Ancient 'Genji' is condensed for dance

March 16, 1998|By Judith Green | Judith Green,SPECIAL TO THE SUN

The first clue that "The Tale of Genji" by the Saeko Ichinohe Dance Company is going to be the Reader's Digest Condensed Book version is that the piece occupies only half the program.

To stuff Lady Murasaki's 11th-century classic novel of Japanese art, culture, politics, history, magic and romance into a six-part, 50-minute dance is a little like the time John Huston made a film of "The Bible" that quit after the Book of Genesis, overwhelmed by so much material.

Ichinohe's New York-based company performed what was called the premiere of "Genji" at Towson University on Friday. But it wasn't a premiere, either. Ichinohe choreographed it in 1995.

This performance was the debut of the costumes, by Eiko Yamaguchi and Y.O. Moen of the Nakazawa Studio, whose work was indeed gorgeous: silk kimonos, heavy with brocade embroidery or inset squares of contrasting fabric, gleaming with gold and silver thread under delicate washes of light by Chenault Spence.

As for the six episodes, they describe Prince Genji's arranged marriage to Lady Aoi, his affair with the older Lady Rokujo, her curse upon his wife, who dies in childbirth, Genji's adoption and later marriage to a girl/woman who looks like his dead mother, his exile and return. But this is only a small part of the epic novel.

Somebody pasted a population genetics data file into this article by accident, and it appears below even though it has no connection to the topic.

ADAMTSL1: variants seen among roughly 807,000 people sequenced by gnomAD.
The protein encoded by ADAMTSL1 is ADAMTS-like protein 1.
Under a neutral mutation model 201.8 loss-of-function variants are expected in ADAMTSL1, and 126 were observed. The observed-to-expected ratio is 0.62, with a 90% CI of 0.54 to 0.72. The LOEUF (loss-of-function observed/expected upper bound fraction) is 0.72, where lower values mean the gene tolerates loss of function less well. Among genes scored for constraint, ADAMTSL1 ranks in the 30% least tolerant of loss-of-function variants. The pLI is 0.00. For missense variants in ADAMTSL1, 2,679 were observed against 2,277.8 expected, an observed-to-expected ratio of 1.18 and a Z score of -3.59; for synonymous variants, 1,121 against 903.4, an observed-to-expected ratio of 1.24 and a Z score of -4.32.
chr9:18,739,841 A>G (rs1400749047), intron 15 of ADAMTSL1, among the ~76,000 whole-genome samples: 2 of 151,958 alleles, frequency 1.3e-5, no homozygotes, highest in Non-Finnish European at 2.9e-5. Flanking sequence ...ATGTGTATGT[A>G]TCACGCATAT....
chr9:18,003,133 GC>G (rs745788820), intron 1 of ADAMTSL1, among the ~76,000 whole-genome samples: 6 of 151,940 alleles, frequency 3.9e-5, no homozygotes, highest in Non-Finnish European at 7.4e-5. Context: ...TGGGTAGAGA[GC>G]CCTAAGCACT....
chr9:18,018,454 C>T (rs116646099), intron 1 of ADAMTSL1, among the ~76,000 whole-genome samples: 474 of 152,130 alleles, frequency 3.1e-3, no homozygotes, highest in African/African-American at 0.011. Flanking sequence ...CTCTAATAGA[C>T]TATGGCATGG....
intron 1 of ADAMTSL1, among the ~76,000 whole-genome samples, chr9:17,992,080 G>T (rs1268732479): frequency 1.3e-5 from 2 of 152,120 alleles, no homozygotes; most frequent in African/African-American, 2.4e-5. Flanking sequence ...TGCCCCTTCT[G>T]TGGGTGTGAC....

Moreover, Genji (Jeff Moen) is turned into a passive character who does little but stand around looking stoic. The women's roles are much more full, especially the tragic Lady Rokujo (Ichinohe).

It may be a valid feminist statement to see the women as prime movers in the Genji story; but it's not quite fair to present this, and only this, as an account of a work that is not generally known to a Western audience. A novel needs to be familiar to its readers before an alternative interpretation can mean much.

The rest of the program included a Japanese dance of invocation, performed by Ichinohe in yet another sumptuous kimono; and "Homage to Paul Klee," five studies of works by the amusing Swiss master of color and whimsy. It includes the well-known "Twittering Machine," which looks like the direct ancestor of Sandra Boynton's round little greeting-card birds.

Pub Date: 3/16/98

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